It’s a shame too, because by most accounts (including our own) Titanfall 2 is a terrific game with a surprisingly compelling single player campaign. Unfortunately, the near-immediate discounts that are being applied to the game tell you everything you need to know about how well it’s selling. No wonder Vince Zampella responded to a robotic EA publicist’s insistence that “we’re committed to the franchise” with an acidic “So, whatever the fuck that means.”
While we’re on the topic of release date woes, coming out against Overwatch certainly didn’t do Gearbox’s Battleborn any favours. Mind you, marketing it with buzzword salad like “FPS; hobby-grade coop campaign; genre-blended, multi-mode competitive e-sports; meta-growth, choice + epic Battleborn Heroes” didn’t do much for its prospects either. Nor did the cringe-worthy trailers for the game, which seemed to be aiming for some sort of arch-ironic Saturday Morning Cartoon demographic that didn’t exist.
Betas are basically promotional tools, but in Battleborn’s case being able to actually play the game seemed to turn off as many people as it attracted. Like No Man’s Sky, it’s currently being played on PC by numbers in the hundreds. Unlike No Man’s Sky, that player-base didn’t start off at the 200,000 mark.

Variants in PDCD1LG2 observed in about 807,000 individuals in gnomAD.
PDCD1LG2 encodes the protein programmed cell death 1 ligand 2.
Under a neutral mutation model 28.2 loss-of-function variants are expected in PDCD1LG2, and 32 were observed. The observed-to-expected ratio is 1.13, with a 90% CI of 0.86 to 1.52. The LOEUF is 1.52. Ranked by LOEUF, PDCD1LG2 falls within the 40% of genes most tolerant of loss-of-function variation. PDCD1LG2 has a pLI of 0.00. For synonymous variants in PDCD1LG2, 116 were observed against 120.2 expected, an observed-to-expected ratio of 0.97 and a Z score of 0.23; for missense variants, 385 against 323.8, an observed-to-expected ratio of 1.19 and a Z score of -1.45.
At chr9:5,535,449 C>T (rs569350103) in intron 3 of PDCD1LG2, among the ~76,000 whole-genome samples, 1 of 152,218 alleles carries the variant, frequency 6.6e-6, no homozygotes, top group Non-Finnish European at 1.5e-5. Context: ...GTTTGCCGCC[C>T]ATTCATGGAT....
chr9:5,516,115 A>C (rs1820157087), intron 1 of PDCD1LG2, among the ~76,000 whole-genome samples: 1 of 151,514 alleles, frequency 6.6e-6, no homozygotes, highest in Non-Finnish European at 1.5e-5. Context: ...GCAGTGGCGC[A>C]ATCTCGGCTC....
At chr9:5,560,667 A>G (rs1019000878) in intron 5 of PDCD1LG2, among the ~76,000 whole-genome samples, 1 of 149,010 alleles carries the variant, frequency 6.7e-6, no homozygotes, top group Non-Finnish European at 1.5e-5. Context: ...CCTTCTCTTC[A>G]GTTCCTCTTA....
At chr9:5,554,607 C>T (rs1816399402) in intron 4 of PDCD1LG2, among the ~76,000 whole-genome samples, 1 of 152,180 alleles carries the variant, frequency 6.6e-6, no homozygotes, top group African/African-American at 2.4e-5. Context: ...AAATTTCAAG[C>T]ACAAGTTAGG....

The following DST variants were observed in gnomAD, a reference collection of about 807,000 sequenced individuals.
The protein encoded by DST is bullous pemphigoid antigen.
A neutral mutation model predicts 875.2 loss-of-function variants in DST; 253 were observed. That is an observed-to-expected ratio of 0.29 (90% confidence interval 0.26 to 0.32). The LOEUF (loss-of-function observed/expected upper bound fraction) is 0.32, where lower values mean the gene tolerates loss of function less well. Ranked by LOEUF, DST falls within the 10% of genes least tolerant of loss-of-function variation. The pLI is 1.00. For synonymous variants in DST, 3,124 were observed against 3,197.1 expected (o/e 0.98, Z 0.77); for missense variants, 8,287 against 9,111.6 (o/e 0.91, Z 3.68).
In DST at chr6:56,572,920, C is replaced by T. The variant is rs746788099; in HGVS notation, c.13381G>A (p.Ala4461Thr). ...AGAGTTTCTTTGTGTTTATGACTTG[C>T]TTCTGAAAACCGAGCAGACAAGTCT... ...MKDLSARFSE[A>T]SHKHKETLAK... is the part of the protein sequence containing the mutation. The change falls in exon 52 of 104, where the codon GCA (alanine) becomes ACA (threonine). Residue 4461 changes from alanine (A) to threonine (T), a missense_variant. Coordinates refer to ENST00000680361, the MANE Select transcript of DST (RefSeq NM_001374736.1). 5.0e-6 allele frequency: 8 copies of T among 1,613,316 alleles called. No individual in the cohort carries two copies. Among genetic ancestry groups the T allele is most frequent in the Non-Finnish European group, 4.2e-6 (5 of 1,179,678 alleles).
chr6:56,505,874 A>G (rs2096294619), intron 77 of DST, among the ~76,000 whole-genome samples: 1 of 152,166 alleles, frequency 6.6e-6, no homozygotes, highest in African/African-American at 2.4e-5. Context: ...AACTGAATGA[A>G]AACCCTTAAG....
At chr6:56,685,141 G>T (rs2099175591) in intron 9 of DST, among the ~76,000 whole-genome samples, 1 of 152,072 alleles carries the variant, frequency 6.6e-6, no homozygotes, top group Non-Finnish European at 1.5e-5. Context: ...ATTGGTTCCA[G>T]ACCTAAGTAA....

Whether it was down to competition from Overwatch, lingering resentment at Randy Pitchford for his baffling defense of Gearbox’s behaviour with Aliens: Colonial Marines, poor marketing, a lacklustre game, or a combination of any and all these things; Battleborn’s launch got things badly wrong.
Poor Batman just can’t catch a break on PC. After everything that went wrong with Arkham Knight, he now has to suffer the indignities of being trapped inside Telltale’s increasingly ropey Telltale Tool engine. Despite (or perhaps as a result of) running in an ‘updated’ version of said engine, Batman’s opening episode was a dubious affair.
The serious failings of Telltale’s engine are a curiously under-reported phenomena, but as anybody who suffered through The Walking Dead’s saved games going AWOL, or attempted to even play The Wolf Among Us on an Xbox 360 will know, it has some major problems. There is zero excuse for performance issues on PC (it’s not like the graphics here are hugely demanding), yet Batman’s first episode struggled. In part because, for a while, it was defaulting to using integrated graphics rather than a discreet card. In part because Telltale’s engine is dreadful.
Tim’s review of episode one breaks down some of the other novel problems, like late sound effects, missing button prompts, and disappearing subtitles. Batman’s sins aren’t as egregious as some of the other titles in this piece, but they’re magnified by the fact that the scope of the game and Telltale’s (now) abundant resources should have been more than enough to ensure they didn’t occur in the first place.